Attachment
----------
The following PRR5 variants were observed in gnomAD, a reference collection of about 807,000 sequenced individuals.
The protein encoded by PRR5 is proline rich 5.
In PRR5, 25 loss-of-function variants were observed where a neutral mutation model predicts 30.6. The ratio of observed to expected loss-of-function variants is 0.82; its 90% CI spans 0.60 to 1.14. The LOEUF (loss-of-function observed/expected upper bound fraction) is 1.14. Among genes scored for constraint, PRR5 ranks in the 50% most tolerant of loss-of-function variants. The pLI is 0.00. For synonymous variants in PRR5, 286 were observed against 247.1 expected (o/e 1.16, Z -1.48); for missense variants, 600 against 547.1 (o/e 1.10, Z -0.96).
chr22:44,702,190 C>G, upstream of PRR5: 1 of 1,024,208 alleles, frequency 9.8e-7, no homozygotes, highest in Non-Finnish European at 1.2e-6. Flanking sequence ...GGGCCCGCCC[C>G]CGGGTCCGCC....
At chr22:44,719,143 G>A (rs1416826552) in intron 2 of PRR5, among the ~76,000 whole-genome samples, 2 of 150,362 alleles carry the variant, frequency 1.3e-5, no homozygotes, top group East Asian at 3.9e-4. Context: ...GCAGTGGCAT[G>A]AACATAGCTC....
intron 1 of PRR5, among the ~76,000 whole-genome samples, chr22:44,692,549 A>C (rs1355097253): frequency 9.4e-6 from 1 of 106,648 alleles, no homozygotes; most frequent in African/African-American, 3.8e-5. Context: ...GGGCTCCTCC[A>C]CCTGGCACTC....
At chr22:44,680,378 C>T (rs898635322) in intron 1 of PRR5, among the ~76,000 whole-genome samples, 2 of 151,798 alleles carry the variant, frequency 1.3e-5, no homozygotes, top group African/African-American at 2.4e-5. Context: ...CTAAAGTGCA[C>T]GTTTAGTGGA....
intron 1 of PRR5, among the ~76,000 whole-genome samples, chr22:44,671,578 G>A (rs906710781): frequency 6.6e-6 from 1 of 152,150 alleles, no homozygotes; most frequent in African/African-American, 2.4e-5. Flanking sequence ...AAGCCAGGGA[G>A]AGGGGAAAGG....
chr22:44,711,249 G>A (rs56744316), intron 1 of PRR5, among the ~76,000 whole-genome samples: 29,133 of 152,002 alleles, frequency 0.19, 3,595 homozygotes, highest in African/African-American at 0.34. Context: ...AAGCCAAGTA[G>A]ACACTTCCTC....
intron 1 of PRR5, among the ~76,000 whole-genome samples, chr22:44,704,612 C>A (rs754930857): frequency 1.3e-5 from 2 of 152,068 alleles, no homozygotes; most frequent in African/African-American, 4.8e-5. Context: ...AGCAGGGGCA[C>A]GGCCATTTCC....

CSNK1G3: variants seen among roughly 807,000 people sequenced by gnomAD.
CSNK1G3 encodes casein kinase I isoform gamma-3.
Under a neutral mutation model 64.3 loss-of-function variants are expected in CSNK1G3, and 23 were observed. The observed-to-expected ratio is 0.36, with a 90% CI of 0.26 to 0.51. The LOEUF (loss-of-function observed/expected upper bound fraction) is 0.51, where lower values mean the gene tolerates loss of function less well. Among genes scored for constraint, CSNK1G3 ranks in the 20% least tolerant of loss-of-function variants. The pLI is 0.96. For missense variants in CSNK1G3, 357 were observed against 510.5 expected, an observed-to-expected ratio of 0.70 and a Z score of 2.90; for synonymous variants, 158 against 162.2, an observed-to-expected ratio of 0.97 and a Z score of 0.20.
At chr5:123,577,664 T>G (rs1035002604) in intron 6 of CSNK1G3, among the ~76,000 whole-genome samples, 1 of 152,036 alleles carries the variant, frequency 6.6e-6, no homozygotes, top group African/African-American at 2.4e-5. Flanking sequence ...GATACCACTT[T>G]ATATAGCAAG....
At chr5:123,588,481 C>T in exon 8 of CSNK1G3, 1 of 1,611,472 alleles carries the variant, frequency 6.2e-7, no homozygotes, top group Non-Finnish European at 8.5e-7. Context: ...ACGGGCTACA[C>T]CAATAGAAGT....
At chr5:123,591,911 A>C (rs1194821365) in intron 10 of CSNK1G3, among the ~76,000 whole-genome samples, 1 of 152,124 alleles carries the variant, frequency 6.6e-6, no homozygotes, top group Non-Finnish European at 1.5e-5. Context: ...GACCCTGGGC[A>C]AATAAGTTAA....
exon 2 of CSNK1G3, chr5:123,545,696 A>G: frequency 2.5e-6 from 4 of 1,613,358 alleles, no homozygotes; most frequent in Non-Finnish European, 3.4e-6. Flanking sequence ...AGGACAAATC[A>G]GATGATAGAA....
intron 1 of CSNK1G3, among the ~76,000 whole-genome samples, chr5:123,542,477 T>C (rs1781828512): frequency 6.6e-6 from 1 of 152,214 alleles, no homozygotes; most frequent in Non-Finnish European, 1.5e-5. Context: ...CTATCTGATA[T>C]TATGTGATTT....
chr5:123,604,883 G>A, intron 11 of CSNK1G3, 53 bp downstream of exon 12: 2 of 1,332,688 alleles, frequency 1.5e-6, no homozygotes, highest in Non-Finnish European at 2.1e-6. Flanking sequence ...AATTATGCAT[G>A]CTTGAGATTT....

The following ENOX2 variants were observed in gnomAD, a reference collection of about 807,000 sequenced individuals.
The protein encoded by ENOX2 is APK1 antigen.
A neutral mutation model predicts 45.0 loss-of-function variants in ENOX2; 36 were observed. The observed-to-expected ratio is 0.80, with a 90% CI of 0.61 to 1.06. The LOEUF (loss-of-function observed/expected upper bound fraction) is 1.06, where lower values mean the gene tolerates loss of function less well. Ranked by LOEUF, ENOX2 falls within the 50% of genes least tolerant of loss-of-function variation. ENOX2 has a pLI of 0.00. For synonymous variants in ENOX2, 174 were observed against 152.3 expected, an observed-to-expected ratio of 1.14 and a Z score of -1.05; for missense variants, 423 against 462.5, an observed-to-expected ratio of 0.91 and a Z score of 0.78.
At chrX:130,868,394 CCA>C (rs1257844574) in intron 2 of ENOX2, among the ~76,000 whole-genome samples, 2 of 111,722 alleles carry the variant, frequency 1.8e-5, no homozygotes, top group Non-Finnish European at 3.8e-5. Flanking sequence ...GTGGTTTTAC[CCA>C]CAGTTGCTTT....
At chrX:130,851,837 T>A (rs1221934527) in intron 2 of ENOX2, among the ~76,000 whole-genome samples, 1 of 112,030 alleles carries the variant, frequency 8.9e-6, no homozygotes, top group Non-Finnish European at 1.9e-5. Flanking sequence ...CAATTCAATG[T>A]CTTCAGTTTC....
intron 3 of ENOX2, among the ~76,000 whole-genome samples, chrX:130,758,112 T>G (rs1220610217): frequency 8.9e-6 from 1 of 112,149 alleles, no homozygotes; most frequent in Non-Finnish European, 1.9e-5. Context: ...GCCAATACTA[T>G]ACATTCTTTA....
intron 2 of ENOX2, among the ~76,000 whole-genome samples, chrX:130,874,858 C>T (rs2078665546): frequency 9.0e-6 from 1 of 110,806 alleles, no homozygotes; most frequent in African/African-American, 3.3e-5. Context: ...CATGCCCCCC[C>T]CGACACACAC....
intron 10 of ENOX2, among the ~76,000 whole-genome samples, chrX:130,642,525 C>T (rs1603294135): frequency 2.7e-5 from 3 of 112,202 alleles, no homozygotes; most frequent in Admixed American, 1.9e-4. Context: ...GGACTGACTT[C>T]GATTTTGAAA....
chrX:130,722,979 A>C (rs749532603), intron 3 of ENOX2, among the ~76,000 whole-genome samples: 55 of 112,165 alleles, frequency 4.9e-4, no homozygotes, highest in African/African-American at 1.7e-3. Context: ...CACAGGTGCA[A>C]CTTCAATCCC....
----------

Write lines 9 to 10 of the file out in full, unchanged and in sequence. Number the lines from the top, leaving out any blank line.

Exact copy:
chr22:44,711,249 G>A (rs56744316), intron 1 of PRR5, among the ~76,000 whole-genome samples: 29,133 of 152,002 alleles, frequency 0.19, 3,595 homozygotes, highest in African/African-American at 0.34. Context: ...AAGCCAAGTA[G>A]ACACTTCCTC....
intron 1 of PRR5, among the ~76,000 whole-genome samples, chr22:44,704,612 C>A (rs754930857): frequency 1.3e-5 from 2 of 152,068 alleles, no homozygotes; most frequent in African/African-American, 4.8e-5. Context: ...AGCAGGGGCA[C>A]GGCCATTTCC....